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Surgery time interval and molecular subtype may influence Ki67 change after core needle biopsy in breast cancer patients



To investigate the accuracy of core needle biopsy (CNB) in evaluating breast cancer estrogen receptor (ER), progesterone receptor (PR), HER2, and Ki67 status and to identify factors which might be associated with Ki67 value change after CNB.


A retrospective study was carried out on 276 patients with paired CNB and surgically removed samples (SRS). Clinico-pathological factors as well as the surgery time interval (STI) between CNB and surgery were analyzed to determine whether there were factors associated with Ki67 value change after CNB. Five tumor subtypes were classified as follows: Luminal A, Luminal B-HER2-, Luminal B-HER2+, Triple Negative (TN), and HER2+. Ki67 value change was calculated as SRS minus CNB.


Mean STI after CNB was 4.5 (1-37) days. Good agreement was achieved for ER, PR, and HER2 evaluation between CNB and SRS. However, Ki67 expression level was significantly higher in SRS compared with CNB samples: 29.1 % vs. 26.2 % (P < 0.001). Both univariate and multivariate analysis demonstrated that STI and molecular subtype were associated with a Ki67 change after CNB. Luminal A tumors experienced more Ki67 elevation than Luminal B-HER2- diseases (6.2 % vs -0.1 %, P = 0.014). Patients with longer STI after CNB had a higher Ki67 increase: -1.1 % within 1-2 days, 2.1 % with 3-4 days, and 5.6 % more than 4 days, respectively (P = 0.007). For TN and HER2+ tumors, the Ki67 change was apt to be 0 with STI ≤ 4 days, while a >7 % Ki67 increase was noticed in patients with STI ≥ 5 days.


CNB was accurate in evaluating ER, PR, HER2, and molecular subtype status. Ki67 value significantly increased after CNB, which was associated with STI and molecular subtype. Further translational research needs to consider Ki67 changes following CNB among different breast cancer molecular subtypes.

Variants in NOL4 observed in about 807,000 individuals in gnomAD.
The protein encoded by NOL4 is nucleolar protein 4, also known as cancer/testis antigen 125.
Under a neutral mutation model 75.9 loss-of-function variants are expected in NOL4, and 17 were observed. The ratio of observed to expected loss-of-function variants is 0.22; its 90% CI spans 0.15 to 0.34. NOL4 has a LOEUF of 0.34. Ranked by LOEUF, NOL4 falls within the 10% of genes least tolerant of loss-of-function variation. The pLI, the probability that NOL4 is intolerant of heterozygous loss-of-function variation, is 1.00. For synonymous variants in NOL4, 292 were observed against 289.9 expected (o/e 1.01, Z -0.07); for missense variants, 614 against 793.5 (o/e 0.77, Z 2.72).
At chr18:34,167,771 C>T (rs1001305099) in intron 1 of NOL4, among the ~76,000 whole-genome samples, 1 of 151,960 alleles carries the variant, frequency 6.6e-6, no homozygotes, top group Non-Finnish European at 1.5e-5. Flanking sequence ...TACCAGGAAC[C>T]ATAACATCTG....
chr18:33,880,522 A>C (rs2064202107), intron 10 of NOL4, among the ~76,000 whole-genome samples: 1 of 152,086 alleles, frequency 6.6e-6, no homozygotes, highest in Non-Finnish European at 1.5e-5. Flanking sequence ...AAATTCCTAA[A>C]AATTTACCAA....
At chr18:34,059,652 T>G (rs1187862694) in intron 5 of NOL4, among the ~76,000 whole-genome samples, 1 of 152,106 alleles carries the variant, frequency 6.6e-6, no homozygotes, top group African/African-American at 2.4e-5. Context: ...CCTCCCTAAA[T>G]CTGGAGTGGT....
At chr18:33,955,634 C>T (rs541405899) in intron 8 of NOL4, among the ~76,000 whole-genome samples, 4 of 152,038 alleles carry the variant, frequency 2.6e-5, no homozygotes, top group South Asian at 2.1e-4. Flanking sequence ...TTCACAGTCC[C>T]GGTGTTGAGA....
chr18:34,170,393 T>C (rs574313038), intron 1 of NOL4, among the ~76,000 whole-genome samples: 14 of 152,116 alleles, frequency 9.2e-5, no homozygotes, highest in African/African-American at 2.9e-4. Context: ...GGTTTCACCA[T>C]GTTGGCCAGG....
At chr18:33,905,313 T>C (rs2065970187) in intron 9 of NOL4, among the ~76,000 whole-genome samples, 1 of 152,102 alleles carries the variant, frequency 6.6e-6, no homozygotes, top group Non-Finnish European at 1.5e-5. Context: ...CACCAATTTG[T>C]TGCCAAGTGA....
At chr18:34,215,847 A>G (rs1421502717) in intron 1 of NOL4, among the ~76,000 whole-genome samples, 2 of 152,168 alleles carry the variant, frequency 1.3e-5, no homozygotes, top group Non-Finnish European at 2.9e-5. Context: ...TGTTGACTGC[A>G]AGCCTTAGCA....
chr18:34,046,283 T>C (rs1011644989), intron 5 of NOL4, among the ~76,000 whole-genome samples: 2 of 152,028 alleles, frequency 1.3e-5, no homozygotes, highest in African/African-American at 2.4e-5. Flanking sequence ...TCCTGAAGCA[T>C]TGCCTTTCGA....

Peer Review reports


Core needle biopsy (CNB) is recommended for an initial breast cancer pathological diagnosis and is used to evaluate estrogen receptor (ER), progesterone receptor (PR), and HER2 status [1]. Microarray data have identified that breast cancer is comprised of at least five molecular subtypes: Luminal A, Luminal B, triple negative (TN), HER2 positive and normal-like [2]. The 2013 St. Gallen breast cancer consensus recommends using ER, PR, HER2, and Ki67 results to classify breast cancer into molecular subtypes in order to guide systemic treatment decision making [3]. Our previous study showed that CNB had a high concordance rate in evaluating molecular subtype status compared with those in surgically removal samples (SRS) [4].

With the development of new agents, “window of opportunity” pre-surgical trials have been applied to test their potential anticancer abilities and mechanisms in breast cancer patients [5]. Patients in these trials are usually treated with experimental agents for a relatively short period compared with standard neoadjuvant systemic therapy [6]. In this situation, response rate is no longer suitable as an endpoint, so a breast cancer proliferation biomarker, such as Ki67, is then applied to determine the new agent’s biologic effect [7]. Thus, a Ki67 change after two weeks of endocrine treatment, for example, may predict response rates in a neoadjuvant study [8]. In addition, a decrease of Ki67 after neoadjuvant chemotherapy or endocrine therapy seems also to be related to a good prognosis [9, 10].